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Latest Comments by ivant
Facepunch are no longer selling the Linux version of the survival game Rust (updated)
30 July 2018 at 6:18 am UTC Likes: 3

I refuse to accept the accusation about the "Linux Community being abusive, demanding and rude"! This is a blatant generalization. I am sure that there are some people from the "Linux Community" who are like that. There are also people from the Windows, PlayStation, XBox, Nintendo, you name it, communities who are like that. It doesn't mean that the community as a whole is like that.

For me this accusation is nothing more than an attempt to shift the blame. "Blunt and sarcastic" it is not.

Galaxy of Pen & Paper announced by Behold Studios, will support Linux
19 December 2017 at 3:46 pm UTC

So, no linux version for this game yet? Liam, any chance of pinging them about it?

Transport Fever patched again with some good quality of life improvements
6 November 2017 at 11:12 am UTC

I quite enjoy it, though I haven't put that many hours in it.

The drops in performance are happening in Windows as well, judging from various "let's plays". I don't know if they are worse on Linux. But generally, it's not that bad, because you're not playing against anybody and reaction time isn't important in this game. And you can work around most of them. The problems happen mainly when you change your view to include many moving objects. You can orient the camera to look mostly downwards and that helps a lot.

RPG Maker MV now has a Linux version and a Linux game export option
21 March 2017 at 7:27 pm UTC Likes: 1

It just got a huge discount on steam, so go get it!

The story of grey market G2A worsens, I really do recommend to stay away
3 February 2017 at 10:21 am UTC Likes: 1

[quote=Guppy]
Comandante ÑoñardoBut even if that were somehow the case you can create an endless supply of paypal accounts with the same credit card, so stop making excuses and spreading misinformation
You can also buy the games as gifts and send them to your other account. That's what I do for my kids' account.

The story of grey market G2A worsens, I really do recommend to stay away
3 February 2017 at 5:51 am UTC

liamdawe
wolfyrionI dont know what the heck is going on but THERE IS NO WAY TO CHECK FOR VALID STEAM KEYS!!!
If they have no way to verify, then they shouldn't be selling them. I don't see why this is hard to fathom.
That part is actually explained by the answer in Reddit. When you buy a key they hold on the payment to the seller for some time. If you complain that the key is not valid during this time, they can return you the money and the seller doesn't get paid.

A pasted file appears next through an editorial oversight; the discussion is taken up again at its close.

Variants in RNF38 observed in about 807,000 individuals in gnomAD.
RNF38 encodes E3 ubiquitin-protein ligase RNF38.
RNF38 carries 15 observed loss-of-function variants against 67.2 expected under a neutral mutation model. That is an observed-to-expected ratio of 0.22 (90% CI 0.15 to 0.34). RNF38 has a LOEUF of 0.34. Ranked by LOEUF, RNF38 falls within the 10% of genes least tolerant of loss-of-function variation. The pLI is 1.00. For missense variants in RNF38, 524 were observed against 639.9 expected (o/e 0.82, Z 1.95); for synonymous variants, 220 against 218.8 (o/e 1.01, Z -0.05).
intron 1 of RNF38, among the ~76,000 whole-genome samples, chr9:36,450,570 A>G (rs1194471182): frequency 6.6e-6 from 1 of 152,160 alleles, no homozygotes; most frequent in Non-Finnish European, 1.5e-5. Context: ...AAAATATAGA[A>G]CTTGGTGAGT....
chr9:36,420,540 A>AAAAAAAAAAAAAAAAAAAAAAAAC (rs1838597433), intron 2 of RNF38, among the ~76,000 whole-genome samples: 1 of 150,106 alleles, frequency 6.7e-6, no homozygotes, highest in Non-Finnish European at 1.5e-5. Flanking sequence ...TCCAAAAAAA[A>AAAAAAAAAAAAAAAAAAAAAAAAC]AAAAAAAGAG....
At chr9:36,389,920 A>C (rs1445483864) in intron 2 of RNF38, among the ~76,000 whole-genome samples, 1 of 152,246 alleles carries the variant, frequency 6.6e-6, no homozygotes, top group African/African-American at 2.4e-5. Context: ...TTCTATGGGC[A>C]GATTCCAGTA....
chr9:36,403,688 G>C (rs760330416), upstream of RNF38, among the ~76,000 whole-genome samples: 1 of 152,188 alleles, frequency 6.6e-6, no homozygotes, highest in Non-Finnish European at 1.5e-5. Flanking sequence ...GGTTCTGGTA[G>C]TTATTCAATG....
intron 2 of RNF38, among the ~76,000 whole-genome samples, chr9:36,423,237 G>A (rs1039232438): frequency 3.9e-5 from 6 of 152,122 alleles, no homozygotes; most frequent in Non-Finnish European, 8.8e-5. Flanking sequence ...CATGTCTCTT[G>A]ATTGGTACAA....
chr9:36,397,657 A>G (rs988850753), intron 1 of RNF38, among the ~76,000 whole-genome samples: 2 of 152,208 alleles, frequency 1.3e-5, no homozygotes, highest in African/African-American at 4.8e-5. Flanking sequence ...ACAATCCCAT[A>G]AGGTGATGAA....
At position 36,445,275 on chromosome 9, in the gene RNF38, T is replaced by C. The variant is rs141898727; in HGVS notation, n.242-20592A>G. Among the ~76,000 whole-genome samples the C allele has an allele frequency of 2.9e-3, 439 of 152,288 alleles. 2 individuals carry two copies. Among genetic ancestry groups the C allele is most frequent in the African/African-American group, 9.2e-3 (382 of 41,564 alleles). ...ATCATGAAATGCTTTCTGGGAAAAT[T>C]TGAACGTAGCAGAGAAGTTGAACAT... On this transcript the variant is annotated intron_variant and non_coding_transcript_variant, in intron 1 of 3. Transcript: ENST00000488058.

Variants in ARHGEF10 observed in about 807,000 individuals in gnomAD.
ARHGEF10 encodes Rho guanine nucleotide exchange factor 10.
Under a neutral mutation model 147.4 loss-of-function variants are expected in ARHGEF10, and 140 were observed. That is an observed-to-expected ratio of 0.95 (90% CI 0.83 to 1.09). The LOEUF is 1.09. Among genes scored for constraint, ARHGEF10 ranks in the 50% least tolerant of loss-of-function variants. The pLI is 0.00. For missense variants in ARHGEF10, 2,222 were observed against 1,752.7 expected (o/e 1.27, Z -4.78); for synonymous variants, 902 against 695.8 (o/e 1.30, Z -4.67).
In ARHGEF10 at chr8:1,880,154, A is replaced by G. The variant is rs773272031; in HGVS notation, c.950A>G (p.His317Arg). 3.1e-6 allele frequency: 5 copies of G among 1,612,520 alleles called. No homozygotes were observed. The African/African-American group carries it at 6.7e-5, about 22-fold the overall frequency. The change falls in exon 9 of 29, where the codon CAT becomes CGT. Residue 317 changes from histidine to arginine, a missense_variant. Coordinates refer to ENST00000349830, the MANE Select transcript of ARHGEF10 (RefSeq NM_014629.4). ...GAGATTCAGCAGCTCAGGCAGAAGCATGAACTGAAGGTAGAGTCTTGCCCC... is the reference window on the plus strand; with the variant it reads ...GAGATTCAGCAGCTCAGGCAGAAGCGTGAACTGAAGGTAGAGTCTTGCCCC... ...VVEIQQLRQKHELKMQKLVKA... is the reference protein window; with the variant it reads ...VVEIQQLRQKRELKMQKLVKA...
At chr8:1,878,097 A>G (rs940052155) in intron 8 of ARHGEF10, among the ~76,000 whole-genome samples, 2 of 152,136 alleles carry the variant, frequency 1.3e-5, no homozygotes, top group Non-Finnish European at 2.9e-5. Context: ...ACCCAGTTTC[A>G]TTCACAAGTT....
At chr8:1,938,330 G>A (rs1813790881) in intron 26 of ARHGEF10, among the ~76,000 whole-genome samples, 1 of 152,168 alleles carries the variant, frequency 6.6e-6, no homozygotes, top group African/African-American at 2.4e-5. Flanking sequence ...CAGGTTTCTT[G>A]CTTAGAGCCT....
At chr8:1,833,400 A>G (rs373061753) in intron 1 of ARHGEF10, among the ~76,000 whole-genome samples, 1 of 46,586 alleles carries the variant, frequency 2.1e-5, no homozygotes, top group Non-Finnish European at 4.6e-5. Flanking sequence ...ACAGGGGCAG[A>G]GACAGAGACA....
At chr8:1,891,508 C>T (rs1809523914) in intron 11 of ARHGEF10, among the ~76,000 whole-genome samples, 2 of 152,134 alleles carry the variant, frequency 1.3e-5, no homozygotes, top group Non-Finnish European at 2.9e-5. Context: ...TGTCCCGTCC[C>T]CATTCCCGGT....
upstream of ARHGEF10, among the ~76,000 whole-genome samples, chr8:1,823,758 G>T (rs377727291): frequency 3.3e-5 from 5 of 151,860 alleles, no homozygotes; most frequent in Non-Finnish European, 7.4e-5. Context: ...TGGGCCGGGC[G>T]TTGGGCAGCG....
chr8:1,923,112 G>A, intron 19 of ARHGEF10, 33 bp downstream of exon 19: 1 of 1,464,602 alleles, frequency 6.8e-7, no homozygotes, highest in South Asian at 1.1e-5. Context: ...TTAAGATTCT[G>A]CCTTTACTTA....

It's not obvious what happens if you complain after that period. Also how do they deal with cheating bytes? That is, I buy the key, get the game and then say it's fake.

Shadow of Mordor patch released for Linux, fixes issue with NVIDIA cards and more
26 January 2017 at 4:54 pm UTC

I'm replaying this game and I played it earlier today. When I tried to launch it a few minutes ago it started this massive 3.3 GB download and I decided that Steam got crazy!

MHRD, a game where you design your own hardware released for Linux
6 January 2017 at 10:56 am UTC Likes: 4

ivantI bought the game. Here are my first impressions.

You start working for Microhard, an obvious pun on Apple Microsoft, a company which tries to disrupt the CPU business in the 1980s. You start with a NAND (and later on DFF) and have to design increasingly more complex circuits, using the ones you've already developed.

The UI of the game is what you see in the video clip. It took me a couple of minutes to get used to it, so I give it an A. The manual is in the game, which is also a plus. It's also very short and to the point, so you won't spend too much time reading it.

You also get assigned an intern to help you with the more tedious tasks. What it really means is, that when you start developing the so-called bus versions of some of the chips, you need to develop just one, and the "intern" does the rest of them. This is good, because you can move on to the other fun tasks without the need to do a lot of repetition.

The only downside for some might be that, so far there isn't much more than that. The reward you get is the feeling of accomplishment when you've completed the task. It doesn't matter how well you do it. There's no comparison who can do it with fewer chips, or to make it work faster or anything like that. But I think learning these things can be rewarding by itself.